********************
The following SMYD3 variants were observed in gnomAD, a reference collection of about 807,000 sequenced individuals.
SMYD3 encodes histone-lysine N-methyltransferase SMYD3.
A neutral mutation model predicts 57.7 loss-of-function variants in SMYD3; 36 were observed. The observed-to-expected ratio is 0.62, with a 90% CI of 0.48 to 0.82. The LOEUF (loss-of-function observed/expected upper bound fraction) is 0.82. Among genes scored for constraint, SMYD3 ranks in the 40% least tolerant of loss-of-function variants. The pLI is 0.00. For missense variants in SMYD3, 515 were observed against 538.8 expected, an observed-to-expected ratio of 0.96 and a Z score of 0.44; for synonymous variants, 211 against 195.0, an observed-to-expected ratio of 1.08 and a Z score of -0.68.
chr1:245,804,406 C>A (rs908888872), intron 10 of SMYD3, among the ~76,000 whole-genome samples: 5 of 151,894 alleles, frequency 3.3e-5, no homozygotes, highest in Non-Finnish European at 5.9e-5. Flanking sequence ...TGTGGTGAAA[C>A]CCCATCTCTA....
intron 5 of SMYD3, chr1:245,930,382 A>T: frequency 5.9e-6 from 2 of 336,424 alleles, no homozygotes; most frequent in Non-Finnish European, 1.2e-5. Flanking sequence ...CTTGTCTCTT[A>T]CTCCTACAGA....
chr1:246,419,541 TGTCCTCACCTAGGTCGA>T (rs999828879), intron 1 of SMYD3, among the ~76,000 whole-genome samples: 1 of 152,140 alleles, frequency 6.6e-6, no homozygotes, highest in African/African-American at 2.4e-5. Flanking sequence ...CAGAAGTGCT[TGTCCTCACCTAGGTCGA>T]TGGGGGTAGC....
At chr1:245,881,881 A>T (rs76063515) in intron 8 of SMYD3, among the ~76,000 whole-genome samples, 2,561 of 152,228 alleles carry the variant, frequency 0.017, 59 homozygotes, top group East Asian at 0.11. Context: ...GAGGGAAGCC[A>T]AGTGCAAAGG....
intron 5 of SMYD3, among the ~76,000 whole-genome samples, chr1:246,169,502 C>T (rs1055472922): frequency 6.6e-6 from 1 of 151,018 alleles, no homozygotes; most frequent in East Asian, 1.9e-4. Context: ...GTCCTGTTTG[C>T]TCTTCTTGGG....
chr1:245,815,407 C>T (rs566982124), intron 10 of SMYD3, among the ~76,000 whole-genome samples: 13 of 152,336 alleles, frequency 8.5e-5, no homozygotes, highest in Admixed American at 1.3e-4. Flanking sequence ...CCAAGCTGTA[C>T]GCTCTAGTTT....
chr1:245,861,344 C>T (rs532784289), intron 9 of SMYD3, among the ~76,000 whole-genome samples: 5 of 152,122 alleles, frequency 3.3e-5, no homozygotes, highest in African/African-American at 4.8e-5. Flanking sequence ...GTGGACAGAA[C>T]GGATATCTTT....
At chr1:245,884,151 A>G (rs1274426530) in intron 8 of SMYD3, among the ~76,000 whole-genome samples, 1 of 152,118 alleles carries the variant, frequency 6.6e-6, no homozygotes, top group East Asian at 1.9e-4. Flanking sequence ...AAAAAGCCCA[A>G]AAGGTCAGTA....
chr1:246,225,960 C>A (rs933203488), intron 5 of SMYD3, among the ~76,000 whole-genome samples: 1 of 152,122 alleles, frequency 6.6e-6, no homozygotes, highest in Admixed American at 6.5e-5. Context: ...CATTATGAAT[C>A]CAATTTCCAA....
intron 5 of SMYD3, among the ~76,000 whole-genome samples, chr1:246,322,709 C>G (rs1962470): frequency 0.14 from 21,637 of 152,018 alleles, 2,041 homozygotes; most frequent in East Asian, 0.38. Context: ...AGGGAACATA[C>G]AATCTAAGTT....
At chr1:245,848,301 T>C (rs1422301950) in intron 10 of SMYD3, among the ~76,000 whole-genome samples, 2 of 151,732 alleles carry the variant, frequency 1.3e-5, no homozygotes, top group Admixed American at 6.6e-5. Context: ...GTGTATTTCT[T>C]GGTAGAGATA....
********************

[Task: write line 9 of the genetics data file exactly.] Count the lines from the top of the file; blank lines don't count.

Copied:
chr1:245,815,407 C>T (rs566982124), intron 10 of SMYD3, among the ~76,000 whole-genome samples: 13 of 152,336 alleles, frequency 8.5e-5, no homozygotes, highest in Admixed American at 1.3e-4. Flanking sequence ...CCAAGCTGTA[C>T]GCTCTAGTTT....